How to Be a Buddha-ful Bride

Local yoga expert Rebecca Pacheco helps you nama-stay calm throughout your wedding planning.

Photo credit: Jonathan Pozniak

Photo by Jonathan Pozniak Provided

You get a voicemail from your future mother-in-law. She heard you didn’t go with the band she told you to use suggested.

You get an email from the florist. This insane winter means lilacs aren’t blooming in time for your wedding.

You get a text from your maid of honor. She refuses to wear asymmetrical anything, and peach makes her look pale.

Boy, isn’t planning a wedding fun stressful frantic exciting?

Let’s face it. As much love and happiness as you’re feeling, there’s also a nice balance of panic and frustration that leaves you with that “let’s elope” feeling. To help you destress, we decided to turn to Rebecca Pacheco, a Boston-based yoga instructor, well-known, and author of Do Your Om Thing: Bending Yoga Tradition to Fit Your Modern Life (on shelves now).

Marrying her own true love in September, Pacheco knows all about how important it is to stay calm as a bride. Here are her top three tips for keeping your inner Bridezilla at bay:


It’s that in-and-out thing you’ve been doing for as long as you can remember. But the last time you worked on the reception seating chart, you felt yourself becoming labored.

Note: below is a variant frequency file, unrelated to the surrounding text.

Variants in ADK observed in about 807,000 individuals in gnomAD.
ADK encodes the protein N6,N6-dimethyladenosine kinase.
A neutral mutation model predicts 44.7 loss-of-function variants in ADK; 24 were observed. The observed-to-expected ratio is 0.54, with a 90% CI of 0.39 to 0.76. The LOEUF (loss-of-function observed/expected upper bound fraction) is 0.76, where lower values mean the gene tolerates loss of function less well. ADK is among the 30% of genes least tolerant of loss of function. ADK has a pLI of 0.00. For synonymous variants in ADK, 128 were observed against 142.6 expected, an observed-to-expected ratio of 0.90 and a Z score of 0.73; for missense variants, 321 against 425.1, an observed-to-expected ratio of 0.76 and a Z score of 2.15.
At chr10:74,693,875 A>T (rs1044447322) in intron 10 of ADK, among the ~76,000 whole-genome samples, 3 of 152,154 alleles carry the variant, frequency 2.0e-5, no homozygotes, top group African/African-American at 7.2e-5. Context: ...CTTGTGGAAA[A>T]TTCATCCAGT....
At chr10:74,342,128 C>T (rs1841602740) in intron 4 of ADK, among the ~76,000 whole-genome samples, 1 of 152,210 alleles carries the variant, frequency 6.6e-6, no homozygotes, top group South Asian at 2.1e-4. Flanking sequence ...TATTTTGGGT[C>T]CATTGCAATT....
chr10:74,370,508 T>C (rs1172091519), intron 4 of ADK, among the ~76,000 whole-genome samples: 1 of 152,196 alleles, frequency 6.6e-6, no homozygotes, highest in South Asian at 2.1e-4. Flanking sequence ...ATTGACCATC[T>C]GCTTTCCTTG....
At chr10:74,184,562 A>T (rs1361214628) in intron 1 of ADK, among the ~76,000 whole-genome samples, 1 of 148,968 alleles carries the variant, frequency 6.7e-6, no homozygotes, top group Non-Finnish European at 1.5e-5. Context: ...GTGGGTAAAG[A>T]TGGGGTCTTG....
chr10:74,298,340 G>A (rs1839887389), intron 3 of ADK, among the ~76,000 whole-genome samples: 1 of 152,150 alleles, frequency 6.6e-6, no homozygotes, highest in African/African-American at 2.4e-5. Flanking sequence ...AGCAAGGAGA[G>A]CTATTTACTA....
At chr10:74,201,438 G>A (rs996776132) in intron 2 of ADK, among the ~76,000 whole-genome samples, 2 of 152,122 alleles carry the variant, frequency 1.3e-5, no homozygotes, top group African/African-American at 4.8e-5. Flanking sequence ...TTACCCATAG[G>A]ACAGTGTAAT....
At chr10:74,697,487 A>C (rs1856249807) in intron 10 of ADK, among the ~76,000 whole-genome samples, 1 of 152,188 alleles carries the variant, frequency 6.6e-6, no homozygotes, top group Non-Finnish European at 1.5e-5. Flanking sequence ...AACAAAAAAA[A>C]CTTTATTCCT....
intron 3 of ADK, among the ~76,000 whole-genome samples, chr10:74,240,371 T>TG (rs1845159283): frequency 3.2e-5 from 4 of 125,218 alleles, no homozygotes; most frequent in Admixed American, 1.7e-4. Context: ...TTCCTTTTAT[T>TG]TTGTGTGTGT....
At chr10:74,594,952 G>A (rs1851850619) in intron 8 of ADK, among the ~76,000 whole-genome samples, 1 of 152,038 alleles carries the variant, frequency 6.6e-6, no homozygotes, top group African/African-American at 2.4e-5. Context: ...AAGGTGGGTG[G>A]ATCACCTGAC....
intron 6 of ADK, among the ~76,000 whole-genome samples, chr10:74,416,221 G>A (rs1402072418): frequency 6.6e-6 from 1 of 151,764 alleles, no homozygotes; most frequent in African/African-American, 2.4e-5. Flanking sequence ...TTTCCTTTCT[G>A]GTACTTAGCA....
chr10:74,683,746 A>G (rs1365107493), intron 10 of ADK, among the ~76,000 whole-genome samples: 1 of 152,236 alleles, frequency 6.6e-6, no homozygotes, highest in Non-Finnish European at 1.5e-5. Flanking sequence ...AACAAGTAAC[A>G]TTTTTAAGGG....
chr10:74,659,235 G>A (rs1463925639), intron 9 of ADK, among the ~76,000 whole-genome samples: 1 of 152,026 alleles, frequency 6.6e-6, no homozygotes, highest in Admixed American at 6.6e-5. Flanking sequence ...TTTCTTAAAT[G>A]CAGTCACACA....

“Take time each day to become more focused and less stressed by using a simple breathing technique called ‘equal breathing,’ which involves matching an evenly paced inhale to an evenly paced exhale,” Pacheco explains. “Start with a four-count inhalation, followed by a four-count exhalation. Over time, see if you can gradually increase to a five-count, then six, and beyond.”

The result? Reduced stress, calmed nervous system, lowered heart rate, and most of all, “you can think most clearly, make your best decisions, and soak up this precious time in your life,” Pacheco says. This is a must on the big day.

Treat tension like a tweet.

Just when you thought you had your mom in the palm of your hand, she breaks free and runs amok through your organized planning. No worries.

When stressful situations arise, the best approach to communication is often a succinct one. Remove the drama, temper strong language and emotions, and stick with only essential information,” Pacheco explains. “This approach helps keep the lines of communication open and maintains your planning schedule while reducing the likelihood of a blowout, meltdown, or Bridezilla moment.”

Although 140 characters is probably a bit too short, the thought is helpful. “Brevity signals clarity, efficiency, and respect for others,” Pacheco says.

Register gratitude.

You want the silver tea set. He wants the Nespresso. A full-on argument ensues right in the middle of Macy’s.

“Gift registries are awesome, but if you’re planning a wedding, your life is full of gifts already,” says Pacheco. “Never lose sight of that fact in favor of menus and monograms, lists and linens. Each time you catch yourself spiraling into freak-out territory, take a deep breath, repeat some anchoring words, have a glass of water or go for a walk/run/yoga class. Remind yourself of what you value most, and be thankful you’ve found the man or woman with whom you’ll share your beautiful life…and linens.”

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